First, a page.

“Are you going to Scarborough Shoal? China, Phils, Vietnam and Brunei…”
Simon & Garfunkel sang different lyrics for their 1960s hit “Scarborough Fair,” a song that had nothing to do with Asian geopolitics. That didn’t stop one Filipino lounge singer from turning it into a protest song about rising tensions in the South China Sea on a recent evening in Manila for his martini-sipping audience.
Such strains are anything but music to the ears of world leaders, who already have enough to worry about. So how about adding a little diplomatic and military tension in Asia to the mix?
The brawl between China and the Philippines over ownership of a reef known as the Scarborough Shoal -- the scene of armed patrols and a source of a daily war of words -- is but the loudest of the moment. Asia features various territorial disputes involving Brunei, Indonesia, Japan, Malaysia, South Korea and Taiwan, with China at the center of almost all of them. The South China Sea is now the scene of one of the more serious feuds between officials in Washington and Beijing.
China views a number of islands and tiny rocks, some believed to have vast energy deposits, as its own. Its vague claims and assertive behavior are unnerving its Asian neighbors. So much so that officials from Hanoi to Tokyo are surprisingly receptive to President Barack Obama’s so-called pivot to Asia. That infuriates China, which wants the U.S. to mind its own business. For America, it’s an opportunity to regain a foothold in the world’s most dynamic region and flaunt its bona fides as a peacekeeper.
It is worth considering how ugly things could get very quickly. Six months ago, it would have seemed hyperbolic to warn of armed clashes on the region’s seas. Yet the steady ratcheting-up of hostilities between China and other Asian governments, fueled by a noxious nationalism, suggests this “black swan” risk can no longer be ignored.
“While the likelihood of major conflict remains low, all of the trends are in the wrong direction, and prospects of resolution are diminishing,” the International Crisis Group warned in a July 24 report.
All this threatens to overwhelm ties between the U.S. and China at a time when cooperation between these two superpowers has never been more important. This week, China’s state media fired a new rhetorical salvo, telling the U.S. to “shut up” and stop “fanning the flames.”
China is livid over comments by one of Secretary of State Hillary Clinton’s deputies criticizing the Chinese government for sending a “seriously wrong signal” to Asian nations. China is establishing a city and military garrison in another group of atolls, the Paracel Islands, and plans to physically block foreign access to a disputed reef off the coast of the Philippines. Taiwan and Vietnam also claim sovereignty over the islands.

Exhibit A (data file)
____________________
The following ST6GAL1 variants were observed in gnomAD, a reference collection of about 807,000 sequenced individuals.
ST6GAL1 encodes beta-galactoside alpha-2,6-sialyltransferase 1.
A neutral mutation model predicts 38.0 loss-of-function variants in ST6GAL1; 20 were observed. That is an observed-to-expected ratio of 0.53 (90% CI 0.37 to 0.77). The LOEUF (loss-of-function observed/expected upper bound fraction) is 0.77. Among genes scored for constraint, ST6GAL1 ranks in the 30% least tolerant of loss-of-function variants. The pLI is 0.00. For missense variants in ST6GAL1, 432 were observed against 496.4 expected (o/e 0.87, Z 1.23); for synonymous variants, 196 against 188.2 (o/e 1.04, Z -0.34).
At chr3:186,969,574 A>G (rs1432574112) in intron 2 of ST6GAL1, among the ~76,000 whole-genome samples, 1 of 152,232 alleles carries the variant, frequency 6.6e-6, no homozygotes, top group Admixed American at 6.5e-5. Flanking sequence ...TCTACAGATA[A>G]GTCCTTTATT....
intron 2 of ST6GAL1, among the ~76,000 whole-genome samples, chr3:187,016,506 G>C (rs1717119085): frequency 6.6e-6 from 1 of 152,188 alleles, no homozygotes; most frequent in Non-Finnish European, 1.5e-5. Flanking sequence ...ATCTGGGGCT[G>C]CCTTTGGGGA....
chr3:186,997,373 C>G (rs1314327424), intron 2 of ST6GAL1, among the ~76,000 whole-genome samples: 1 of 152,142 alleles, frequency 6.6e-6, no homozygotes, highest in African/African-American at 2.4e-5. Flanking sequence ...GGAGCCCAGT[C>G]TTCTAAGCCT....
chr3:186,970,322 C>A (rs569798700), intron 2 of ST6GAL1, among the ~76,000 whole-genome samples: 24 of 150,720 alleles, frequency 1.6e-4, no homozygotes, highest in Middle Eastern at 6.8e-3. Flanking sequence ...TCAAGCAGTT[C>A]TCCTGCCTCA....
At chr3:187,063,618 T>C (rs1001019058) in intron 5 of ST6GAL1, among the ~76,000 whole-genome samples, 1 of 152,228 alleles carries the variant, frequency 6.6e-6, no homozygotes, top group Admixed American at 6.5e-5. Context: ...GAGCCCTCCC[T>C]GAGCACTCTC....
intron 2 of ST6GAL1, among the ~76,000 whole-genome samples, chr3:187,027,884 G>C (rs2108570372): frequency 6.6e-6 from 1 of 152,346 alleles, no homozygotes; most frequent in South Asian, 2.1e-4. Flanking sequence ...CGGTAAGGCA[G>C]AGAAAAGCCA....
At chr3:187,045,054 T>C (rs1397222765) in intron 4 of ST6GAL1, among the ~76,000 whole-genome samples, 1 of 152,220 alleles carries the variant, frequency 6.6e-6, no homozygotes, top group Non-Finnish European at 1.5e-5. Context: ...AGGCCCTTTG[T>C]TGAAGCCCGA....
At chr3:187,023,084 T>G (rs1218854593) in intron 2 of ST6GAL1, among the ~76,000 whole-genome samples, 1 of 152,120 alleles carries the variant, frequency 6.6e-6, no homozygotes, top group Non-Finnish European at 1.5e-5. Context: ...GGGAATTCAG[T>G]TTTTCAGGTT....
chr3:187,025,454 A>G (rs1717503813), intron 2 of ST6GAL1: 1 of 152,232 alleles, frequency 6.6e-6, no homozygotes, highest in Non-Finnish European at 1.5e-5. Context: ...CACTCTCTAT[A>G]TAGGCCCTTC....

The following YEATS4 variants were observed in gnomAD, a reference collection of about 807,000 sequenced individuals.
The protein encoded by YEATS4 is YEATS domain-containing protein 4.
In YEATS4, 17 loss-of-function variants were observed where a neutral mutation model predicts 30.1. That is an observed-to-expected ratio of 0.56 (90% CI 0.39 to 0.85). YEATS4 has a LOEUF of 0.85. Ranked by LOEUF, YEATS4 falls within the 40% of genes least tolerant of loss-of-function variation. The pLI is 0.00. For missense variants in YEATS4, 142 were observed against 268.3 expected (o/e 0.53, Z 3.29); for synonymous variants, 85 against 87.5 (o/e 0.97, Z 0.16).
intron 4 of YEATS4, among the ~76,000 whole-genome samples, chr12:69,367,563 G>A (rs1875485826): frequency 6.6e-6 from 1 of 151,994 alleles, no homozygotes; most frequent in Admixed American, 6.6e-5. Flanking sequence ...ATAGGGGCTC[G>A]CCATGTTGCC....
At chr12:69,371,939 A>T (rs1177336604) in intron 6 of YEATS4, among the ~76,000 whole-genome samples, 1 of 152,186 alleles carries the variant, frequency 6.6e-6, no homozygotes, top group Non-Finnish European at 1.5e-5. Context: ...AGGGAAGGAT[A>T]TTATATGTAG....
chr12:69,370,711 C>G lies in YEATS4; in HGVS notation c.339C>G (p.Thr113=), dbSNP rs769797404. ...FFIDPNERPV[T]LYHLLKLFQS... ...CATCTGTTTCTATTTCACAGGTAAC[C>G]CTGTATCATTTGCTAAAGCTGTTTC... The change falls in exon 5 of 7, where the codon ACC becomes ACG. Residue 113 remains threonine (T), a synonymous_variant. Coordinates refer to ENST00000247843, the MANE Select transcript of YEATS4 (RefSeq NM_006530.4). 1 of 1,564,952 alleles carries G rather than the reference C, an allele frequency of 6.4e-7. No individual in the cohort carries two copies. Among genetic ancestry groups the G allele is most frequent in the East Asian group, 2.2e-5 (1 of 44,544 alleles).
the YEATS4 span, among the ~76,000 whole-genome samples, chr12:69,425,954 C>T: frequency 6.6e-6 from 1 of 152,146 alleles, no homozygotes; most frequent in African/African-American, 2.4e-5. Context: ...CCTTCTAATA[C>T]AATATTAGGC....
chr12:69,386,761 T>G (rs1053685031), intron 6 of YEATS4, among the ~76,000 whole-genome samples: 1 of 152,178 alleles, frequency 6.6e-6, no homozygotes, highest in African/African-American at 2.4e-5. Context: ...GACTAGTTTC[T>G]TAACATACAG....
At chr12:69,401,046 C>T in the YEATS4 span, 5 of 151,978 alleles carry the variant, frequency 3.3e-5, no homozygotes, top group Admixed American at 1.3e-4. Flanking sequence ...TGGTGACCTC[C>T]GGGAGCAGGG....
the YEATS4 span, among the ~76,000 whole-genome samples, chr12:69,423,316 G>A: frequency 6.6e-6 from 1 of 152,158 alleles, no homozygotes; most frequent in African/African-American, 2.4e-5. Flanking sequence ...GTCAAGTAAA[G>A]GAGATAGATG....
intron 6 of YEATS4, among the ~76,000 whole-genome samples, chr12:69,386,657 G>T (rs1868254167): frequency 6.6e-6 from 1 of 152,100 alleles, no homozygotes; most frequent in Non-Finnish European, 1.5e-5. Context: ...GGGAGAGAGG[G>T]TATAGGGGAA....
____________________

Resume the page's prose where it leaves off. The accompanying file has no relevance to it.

The question is how to keep these tensions from imperiling the Asian Century. The only answer is a regional agreement. This issue can’t be dealt with bilaterally. China isn’t about to give up its claims and now has the economic and military power to enforce them. Nor are officials in neighboring capitals about to give in. The U.S. can huff and puff, but it has little direct leverage in Asia these days.
What’s needed is a face-saving way to share resources jointly and devise an enforceable code of conduct for the seas. That’s only possible on a regional basis. China will only respect a show of diplomatic force -- nations joining together, with the backing of the U.S. if needed. A new forum is required, as well. The 10-member Association of Southeast Asian Nations is a multinational shop, but it is as toothless as it is disjointed.
China doesn’t play fair on a bilateral level and probably never will. Look no further than last month’s Asean meeting. For the first time in 45 years, Asean couldn’t agree on a joint communique. China, which isn’t an Asean member, objected to any reference to territorial disputes.
Cambodia, which holds the bloc’s rotating chairmanship, did China’s bidding by leaving the most important issue facing Asia on the cutting-room floor.
Impoverished Cambodia relies on billions of dollars of Chinese aid, and knows well China’s propensity for economic blackmail. The Philippines’ firm stance against China in the dispute, for example, has impeded trade between the nations. China blocked shipments of rare-earth materials to Japan after a Chinese fishing trawler clashed with Japanese ships in contested waters. It threatened to scrap free-trade agreement talks with Norway after the Nobel Committee honored jailed Chinese dissident Liu Xiaobo.
China may not know, or even care, that it is squandering a decade of public-relations success in Asia. The country skillfully exploited the U.S.’s distractions after the Sept. 11 terrorist attacks, pumping aid, economic growth and goodwill into the void. Now ham-handed diplomacy is costing it credibility and influence, prompting other nations to rally around the U.S.
Asian leaders should join hands, put aside the anger and find a collective solution. Forgive me, but it’s the only way the region can build a bridge over troubled water.
(William Pesek is a Bloomberg View columnist. The opinions expressed are his own.)
Today’s highlights: the editors on why to resist Syria intervention calls and on parents who refuse to have their kids vaccinated; Jonathan Alter on why past elections don’t predict future ones; Stephen L. Carter on our (emotional, not economic) depression; Noah Feldman on Olympians playing to lose; Jonathan Weil on Standard Chartered and money laundering; Steven Greenhut on the use of municipal bankruptcies to stiff investors; Caleb Scharf on future telescopes that could better explore black holes.
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